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The peripheral nerve evaluation: determining which symptoms lead to a successful test

Obstetrics & Gynecology International Journal
Anjali P Patel DO, MPH,1 James A Daucher MD, MS,2 Estee George PhD1


Objective: To identify the symptom or set of symptoms most improved in patients undergoing a successful peripheral nerve evaluation (PNE) for refractory overactive bladder syndrome (OAB). Methods: An analysis was conducted on refractory OAB patients to determine which symptom (nocturia, daytime voids, urgency, leaks per day, pad use per day and time to reach the bathroom) most improved following a PNE. This was measured in two ways: 1) by patient responses to a questionnaire and 2) by determining changes in symptoms with use of a voiding diary. Patients completed a pre- and post-questionnaire by phone interview. Descriptive statistics were used to analyze demographic and baseline characteristics as well as responses to questionnaires. Changes in voiding patterns were analyzed using a pairedsamples t-test. Results: Overall, 28 patients were included. Prior to their evaluation patients indicated they were most bothered by urgency (n=26, 92.8%), followed by number of leaks per 24 hours (n = 24, 85.7%). After their evaluation, symptom improvement was highest for number of voids at night (n = 20, 71.4%) followed by sense of urgency (n = 18, 64.3%). Pairedsamples t-tests on pre- and post-PNE voiding diaries revealed significant improvements in number of daytime voids (p = 0.015), number of leaks per 24 hours (p = 0.001), and number of urges per 24 hours (p = 0.001). Conclusion: Voiding diaries alone cannot be used to accurately determine symptom improvement. Clinicians must take into account the degree to which their patients are bothered by their symptoms. In an elderly population, improvement in nocturia has important implications including decreased morbidity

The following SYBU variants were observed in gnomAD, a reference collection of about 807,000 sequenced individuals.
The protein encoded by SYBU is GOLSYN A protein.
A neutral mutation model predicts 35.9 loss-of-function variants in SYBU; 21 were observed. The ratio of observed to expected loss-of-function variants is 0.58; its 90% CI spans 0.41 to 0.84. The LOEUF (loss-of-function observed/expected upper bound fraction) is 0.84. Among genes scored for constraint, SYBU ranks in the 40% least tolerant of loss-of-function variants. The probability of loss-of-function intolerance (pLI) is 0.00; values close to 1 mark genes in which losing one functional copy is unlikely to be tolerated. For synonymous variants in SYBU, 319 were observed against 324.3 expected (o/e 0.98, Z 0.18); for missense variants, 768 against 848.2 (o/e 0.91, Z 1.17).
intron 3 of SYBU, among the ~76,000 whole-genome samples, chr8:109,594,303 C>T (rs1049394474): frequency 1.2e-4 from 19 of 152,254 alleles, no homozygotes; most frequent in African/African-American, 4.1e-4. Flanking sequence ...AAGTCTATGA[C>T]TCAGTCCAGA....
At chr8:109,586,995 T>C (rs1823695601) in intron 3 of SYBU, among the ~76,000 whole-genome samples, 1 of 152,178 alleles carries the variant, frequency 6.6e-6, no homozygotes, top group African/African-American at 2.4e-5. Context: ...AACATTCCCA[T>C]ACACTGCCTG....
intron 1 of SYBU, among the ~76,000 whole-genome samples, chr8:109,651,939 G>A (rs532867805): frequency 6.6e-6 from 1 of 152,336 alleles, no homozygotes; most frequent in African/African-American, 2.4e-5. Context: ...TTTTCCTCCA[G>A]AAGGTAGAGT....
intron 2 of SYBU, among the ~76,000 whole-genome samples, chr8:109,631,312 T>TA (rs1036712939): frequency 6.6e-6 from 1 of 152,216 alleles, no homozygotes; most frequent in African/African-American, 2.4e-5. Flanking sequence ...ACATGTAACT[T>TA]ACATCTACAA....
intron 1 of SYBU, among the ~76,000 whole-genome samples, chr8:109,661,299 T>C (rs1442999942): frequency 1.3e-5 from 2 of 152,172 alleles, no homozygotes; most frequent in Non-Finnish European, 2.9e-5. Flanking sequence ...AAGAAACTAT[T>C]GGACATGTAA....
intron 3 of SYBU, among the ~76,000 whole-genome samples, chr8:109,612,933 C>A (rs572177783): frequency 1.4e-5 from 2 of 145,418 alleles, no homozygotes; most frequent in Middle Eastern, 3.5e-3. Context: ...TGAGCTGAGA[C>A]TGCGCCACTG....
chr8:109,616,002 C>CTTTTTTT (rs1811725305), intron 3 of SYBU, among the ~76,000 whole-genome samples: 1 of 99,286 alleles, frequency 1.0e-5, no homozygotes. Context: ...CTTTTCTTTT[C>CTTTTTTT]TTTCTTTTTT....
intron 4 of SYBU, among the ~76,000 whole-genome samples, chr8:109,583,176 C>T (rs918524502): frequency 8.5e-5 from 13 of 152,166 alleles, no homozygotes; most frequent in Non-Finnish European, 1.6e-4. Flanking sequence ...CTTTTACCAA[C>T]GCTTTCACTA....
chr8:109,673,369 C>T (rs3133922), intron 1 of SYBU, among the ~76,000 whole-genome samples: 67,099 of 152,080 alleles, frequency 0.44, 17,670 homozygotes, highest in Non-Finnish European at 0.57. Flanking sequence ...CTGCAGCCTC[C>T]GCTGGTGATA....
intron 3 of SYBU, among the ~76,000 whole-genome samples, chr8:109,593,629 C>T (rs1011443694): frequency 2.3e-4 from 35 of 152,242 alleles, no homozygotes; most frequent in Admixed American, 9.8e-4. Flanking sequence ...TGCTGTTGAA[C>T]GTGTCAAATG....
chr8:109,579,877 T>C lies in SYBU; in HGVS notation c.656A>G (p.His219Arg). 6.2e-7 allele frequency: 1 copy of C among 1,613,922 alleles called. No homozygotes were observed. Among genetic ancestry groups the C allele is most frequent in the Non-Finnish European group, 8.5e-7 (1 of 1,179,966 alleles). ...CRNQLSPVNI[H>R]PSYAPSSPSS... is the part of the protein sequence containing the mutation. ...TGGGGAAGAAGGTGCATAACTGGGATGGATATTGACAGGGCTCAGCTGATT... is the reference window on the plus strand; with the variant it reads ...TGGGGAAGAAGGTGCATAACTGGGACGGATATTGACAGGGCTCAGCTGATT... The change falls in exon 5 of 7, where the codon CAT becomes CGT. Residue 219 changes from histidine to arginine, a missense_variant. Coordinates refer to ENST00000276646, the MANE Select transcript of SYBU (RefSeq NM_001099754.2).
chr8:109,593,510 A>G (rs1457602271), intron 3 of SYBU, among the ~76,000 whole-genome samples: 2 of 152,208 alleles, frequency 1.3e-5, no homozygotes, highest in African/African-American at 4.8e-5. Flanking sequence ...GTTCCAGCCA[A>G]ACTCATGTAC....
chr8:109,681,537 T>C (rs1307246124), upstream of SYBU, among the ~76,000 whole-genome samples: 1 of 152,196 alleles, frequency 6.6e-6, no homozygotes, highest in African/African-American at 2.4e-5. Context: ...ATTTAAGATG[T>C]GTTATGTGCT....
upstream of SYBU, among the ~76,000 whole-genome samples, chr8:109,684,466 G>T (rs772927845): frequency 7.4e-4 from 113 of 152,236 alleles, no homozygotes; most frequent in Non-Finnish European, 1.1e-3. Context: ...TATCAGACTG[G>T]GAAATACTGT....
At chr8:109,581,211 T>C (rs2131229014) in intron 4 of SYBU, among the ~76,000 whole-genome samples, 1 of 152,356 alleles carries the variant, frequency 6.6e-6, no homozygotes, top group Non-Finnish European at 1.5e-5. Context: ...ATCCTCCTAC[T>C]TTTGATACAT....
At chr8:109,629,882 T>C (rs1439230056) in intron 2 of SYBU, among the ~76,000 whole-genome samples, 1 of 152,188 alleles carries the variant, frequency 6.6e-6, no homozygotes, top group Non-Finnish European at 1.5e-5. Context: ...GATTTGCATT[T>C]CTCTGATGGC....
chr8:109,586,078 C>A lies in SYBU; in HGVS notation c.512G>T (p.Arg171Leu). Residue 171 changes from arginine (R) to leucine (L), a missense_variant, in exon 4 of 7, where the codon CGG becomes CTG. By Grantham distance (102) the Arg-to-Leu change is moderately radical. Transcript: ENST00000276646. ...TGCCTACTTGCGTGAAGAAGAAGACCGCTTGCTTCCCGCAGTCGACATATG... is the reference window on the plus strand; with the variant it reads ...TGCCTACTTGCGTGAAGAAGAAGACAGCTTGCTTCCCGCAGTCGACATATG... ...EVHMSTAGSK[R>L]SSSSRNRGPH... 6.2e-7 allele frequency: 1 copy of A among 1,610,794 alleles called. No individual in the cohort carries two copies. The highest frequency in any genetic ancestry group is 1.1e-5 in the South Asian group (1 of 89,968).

sacral neuromodulation, peripheral nerve evaluation, overactive bladder, nocturia, interstim